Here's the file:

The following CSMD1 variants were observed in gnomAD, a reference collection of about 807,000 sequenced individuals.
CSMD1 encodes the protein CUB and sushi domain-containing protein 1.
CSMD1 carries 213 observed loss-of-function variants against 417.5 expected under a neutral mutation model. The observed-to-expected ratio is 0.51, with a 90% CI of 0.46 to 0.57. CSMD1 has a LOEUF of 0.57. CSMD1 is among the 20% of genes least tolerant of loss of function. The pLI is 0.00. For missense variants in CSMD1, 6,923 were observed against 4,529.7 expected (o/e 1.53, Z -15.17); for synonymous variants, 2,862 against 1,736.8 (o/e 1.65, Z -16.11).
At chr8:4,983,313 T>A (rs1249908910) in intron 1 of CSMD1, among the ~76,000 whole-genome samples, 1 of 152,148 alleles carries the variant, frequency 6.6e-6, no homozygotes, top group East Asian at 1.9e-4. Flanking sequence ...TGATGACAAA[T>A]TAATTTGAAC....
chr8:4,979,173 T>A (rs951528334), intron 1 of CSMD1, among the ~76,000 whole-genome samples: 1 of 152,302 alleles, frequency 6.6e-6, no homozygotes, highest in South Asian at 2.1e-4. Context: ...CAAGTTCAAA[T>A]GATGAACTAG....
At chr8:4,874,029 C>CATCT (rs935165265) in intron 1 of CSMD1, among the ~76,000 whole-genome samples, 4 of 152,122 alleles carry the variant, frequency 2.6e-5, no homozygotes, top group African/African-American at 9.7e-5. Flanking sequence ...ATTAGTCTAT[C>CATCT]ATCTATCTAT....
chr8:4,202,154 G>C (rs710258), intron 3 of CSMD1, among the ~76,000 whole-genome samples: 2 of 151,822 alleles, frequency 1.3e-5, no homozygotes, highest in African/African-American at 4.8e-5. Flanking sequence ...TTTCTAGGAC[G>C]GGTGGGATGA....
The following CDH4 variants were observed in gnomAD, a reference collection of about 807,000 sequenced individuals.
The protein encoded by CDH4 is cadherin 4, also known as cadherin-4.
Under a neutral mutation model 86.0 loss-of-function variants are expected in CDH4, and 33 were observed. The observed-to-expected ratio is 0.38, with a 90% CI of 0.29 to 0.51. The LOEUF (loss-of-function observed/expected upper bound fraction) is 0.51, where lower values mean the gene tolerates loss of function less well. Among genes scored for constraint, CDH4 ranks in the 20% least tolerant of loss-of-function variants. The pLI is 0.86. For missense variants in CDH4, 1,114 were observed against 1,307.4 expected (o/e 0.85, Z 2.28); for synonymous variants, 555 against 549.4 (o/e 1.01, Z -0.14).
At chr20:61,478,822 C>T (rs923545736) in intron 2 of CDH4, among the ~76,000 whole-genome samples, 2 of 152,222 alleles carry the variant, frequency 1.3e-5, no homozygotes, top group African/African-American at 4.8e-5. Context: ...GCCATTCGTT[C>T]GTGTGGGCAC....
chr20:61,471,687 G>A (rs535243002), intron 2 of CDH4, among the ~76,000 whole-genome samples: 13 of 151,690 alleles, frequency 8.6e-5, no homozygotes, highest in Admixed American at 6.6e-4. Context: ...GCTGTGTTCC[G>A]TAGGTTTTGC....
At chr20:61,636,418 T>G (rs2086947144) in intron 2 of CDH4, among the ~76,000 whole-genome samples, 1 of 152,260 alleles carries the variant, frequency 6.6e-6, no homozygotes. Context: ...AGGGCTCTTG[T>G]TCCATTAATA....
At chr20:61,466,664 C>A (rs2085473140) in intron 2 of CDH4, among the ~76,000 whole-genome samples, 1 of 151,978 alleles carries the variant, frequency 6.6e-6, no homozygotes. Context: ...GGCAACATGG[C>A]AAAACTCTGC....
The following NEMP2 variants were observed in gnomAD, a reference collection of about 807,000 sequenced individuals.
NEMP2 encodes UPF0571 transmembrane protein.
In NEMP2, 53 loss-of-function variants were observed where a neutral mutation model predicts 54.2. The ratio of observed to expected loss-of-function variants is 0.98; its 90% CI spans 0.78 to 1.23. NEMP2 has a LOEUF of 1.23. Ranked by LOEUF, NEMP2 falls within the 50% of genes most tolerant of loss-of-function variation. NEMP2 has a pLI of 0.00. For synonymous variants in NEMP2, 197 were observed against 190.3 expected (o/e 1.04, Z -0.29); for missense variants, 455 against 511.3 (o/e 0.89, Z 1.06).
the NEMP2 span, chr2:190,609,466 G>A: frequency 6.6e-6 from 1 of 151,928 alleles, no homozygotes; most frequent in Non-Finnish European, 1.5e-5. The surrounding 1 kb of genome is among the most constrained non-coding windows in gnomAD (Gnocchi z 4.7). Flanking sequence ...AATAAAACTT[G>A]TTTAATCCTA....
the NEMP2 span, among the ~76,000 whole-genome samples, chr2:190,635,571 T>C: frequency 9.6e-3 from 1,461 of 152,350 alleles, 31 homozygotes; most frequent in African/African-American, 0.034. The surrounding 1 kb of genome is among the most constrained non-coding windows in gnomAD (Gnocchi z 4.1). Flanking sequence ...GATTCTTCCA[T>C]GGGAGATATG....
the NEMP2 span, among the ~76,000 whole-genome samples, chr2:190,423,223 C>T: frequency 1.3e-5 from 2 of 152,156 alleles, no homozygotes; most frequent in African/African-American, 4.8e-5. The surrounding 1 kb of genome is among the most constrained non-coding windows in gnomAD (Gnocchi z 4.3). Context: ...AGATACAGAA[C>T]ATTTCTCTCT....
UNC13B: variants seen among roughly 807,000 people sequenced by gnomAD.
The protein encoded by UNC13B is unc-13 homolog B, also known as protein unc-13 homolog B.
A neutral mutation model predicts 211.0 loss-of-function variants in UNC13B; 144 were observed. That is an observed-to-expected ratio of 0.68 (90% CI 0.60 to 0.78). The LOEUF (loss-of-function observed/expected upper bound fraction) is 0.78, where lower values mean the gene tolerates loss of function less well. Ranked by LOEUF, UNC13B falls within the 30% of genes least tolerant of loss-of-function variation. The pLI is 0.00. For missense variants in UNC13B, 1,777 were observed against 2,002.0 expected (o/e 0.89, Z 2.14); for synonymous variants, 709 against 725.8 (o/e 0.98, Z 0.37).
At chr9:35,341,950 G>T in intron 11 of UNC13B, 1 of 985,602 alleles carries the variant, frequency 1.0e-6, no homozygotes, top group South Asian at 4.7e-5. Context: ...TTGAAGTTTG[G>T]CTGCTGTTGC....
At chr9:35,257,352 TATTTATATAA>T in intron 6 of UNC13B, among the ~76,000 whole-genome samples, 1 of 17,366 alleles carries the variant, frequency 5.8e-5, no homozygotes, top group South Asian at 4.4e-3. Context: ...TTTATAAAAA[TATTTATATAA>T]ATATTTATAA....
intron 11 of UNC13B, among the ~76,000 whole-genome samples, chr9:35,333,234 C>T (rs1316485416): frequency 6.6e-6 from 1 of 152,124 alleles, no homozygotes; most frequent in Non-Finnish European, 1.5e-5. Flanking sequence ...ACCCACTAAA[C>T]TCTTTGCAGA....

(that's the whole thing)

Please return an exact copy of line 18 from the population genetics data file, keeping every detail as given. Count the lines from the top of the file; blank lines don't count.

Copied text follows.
the NEMP2 span, chr2:190,609,466 G>A: frequency 6.6e-6 from 1 of 151,928 alleles, no homozygotes; most frequent in Non-Finnish European, 1.5e-5. The surrounding 1 kb of genome is among the most constrained non-coding windows in gnomAD (Gnocchi z 4.7). Flanking sequence ...AATAAAACTT[G>A]TTTAATCCTA....